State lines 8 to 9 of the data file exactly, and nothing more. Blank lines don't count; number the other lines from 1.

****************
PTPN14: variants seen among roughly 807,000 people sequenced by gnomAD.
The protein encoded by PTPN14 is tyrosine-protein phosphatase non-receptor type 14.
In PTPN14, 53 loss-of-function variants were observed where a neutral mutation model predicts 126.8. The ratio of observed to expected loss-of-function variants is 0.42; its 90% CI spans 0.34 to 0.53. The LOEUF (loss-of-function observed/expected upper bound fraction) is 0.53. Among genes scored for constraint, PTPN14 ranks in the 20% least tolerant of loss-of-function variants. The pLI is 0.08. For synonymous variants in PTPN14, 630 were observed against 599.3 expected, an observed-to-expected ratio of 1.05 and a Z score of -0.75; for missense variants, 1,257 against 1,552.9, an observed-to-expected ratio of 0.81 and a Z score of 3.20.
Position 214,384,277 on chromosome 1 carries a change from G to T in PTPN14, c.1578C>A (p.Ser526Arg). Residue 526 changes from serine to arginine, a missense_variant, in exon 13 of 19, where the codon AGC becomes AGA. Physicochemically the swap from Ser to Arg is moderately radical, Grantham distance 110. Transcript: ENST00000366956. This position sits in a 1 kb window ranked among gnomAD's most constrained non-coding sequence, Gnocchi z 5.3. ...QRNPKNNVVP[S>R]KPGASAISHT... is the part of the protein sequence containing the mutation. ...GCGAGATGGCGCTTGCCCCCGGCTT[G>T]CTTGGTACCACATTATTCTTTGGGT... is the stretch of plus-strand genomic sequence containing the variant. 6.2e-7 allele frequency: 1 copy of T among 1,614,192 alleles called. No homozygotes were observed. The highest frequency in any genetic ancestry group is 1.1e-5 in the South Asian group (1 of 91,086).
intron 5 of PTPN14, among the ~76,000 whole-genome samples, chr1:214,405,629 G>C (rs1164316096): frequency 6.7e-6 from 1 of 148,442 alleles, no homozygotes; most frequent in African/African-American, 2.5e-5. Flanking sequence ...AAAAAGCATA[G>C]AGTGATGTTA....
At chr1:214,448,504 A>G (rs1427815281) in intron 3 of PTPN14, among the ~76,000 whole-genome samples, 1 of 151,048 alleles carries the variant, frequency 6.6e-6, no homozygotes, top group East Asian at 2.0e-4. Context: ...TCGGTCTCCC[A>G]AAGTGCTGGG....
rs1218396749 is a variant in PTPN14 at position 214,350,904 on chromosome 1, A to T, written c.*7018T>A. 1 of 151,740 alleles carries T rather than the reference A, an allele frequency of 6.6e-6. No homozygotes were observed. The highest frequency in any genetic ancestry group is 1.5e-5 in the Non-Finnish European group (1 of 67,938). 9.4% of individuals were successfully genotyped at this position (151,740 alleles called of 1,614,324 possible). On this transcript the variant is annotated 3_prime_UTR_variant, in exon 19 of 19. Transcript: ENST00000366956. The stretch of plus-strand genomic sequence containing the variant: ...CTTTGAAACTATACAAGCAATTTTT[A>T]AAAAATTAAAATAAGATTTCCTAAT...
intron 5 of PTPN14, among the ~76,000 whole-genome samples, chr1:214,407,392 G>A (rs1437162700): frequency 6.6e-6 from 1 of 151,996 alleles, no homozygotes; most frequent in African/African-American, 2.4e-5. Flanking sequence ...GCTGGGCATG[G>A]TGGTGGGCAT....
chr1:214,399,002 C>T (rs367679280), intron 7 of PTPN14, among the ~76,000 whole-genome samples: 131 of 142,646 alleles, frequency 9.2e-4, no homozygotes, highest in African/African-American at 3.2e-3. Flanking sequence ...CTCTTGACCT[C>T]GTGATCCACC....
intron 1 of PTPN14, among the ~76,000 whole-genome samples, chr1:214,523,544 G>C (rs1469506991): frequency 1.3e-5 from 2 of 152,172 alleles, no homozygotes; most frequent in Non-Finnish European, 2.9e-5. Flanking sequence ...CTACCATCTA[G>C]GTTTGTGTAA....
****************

intron 5 of PTPN14, among the ~76,000 whole-genome samples, chr1:214,407,392 G>A (rs1437162700): frequency 6.6e-6 from 1 of 151,996 alleles, no homozygotes; most frequent in African/African-American, 2.4e-5. Flanking sequence ...GCTGGGCATG[G>A]TGGTGGGCAT....
chr1:214,399,002 C>T (rs367679280), intron 7 of PTPN14, among the ~76,000 whole-genome samples: 131 of 142,646 alleles, frequency 9.2e-4, no homozygotes, highest in African/African-American at 3.2e-3. Flanking sequence ...CTCTTGACCT[C>T]GTGATCCACC....